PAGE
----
28 July 2015

'Your Will can be ignored, say judges' – this was one of the headlines following the latest, but perhaps not the last, judgment in the long running case of Ilott v Mitson. This is the case involving a daughter who was deliberately excluded from any benefit from her mother’s Will, following an estrangement triggered when she ran off with her boyfriend aged 17 many years earlier. Her mother instead left her estate to three animal charities.

As it is so often the case, the truth behind the headlines is rather more nuanced. The Court of Appeal found that the daughter should receive some part of the estate as far back as 2011. This latest decision increases the amount she is to receive.

It has been possible for many years for family members, including children, to challenge a Will on the basis that it has not made reasonable financial provision for them. In this case the mother took professional advice and a careful letter was prepared explaining why she was excluding her daughter. The letter also instructed her executors to defend any claim on the estate that might be brought by her daughter. We do not know but it also seems likely that the mother would have been advised that the courts have always been reluctant to award any provision to an adult able bodied child.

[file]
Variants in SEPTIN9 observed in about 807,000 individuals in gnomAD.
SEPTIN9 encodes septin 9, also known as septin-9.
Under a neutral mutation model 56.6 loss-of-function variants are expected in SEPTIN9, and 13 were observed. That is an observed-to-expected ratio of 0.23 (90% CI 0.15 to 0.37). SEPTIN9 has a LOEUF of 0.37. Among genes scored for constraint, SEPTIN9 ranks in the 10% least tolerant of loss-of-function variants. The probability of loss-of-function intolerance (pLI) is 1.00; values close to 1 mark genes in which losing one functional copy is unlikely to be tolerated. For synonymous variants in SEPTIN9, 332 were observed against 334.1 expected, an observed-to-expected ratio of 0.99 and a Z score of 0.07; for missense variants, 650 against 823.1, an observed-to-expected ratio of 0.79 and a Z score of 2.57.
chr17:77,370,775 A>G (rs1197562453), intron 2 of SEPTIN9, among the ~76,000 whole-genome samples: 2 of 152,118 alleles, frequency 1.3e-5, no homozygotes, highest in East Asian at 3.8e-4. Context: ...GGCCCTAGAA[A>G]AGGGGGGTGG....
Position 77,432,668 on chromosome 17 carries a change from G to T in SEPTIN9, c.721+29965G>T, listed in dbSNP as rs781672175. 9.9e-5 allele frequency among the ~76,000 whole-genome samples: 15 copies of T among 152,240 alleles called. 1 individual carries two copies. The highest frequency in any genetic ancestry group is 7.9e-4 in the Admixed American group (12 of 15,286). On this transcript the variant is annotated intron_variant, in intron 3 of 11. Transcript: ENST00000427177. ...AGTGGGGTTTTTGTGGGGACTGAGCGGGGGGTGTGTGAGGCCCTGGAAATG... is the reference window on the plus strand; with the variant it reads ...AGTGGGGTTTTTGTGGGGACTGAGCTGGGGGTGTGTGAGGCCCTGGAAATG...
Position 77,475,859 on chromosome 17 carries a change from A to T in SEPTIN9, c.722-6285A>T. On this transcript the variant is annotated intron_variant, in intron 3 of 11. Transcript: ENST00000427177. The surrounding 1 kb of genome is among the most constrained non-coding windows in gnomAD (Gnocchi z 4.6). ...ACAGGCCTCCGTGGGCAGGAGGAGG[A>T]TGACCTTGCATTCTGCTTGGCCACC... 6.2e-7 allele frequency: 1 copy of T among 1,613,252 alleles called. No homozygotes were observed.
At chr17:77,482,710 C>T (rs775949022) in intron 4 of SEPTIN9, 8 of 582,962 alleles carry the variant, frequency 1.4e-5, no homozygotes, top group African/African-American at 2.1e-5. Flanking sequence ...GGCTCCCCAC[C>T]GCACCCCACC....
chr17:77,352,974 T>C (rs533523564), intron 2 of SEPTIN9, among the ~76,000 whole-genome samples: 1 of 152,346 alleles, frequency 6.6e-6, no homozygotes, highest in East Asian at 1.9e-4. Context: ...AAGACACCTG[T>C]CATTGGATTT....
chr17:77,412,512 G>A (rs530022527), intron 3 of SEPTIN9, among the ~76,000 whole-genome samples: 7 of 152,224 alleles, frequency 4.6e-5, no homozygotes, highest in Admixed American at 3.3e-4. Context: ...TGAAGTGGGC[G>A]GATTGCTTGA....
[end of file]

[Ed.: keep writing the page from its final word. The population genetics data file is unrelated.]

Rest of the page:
So why is this case important? Well, it doesn’t say that you cannot write your Will as you wish. But if you want to go as far as disinheriting your only child, then it is going to be harder to do. One key factor in this case seems to have been that the mother had little connection with the three animal charities to which she left her estate. At the same time there was also, it seems, sympathy for the daughter, who was on benefits and had very limited means.

And the case isn’t necessarily over yet. It’s reported that the charities are giving careful consideration on whether or not to appeal to the Supreme Court.

Key contact

Tom Hewitt

Tom Hewitt Partner

  • Private Wealth
  • Head of Estates and Land
  • Head of Food and Farming

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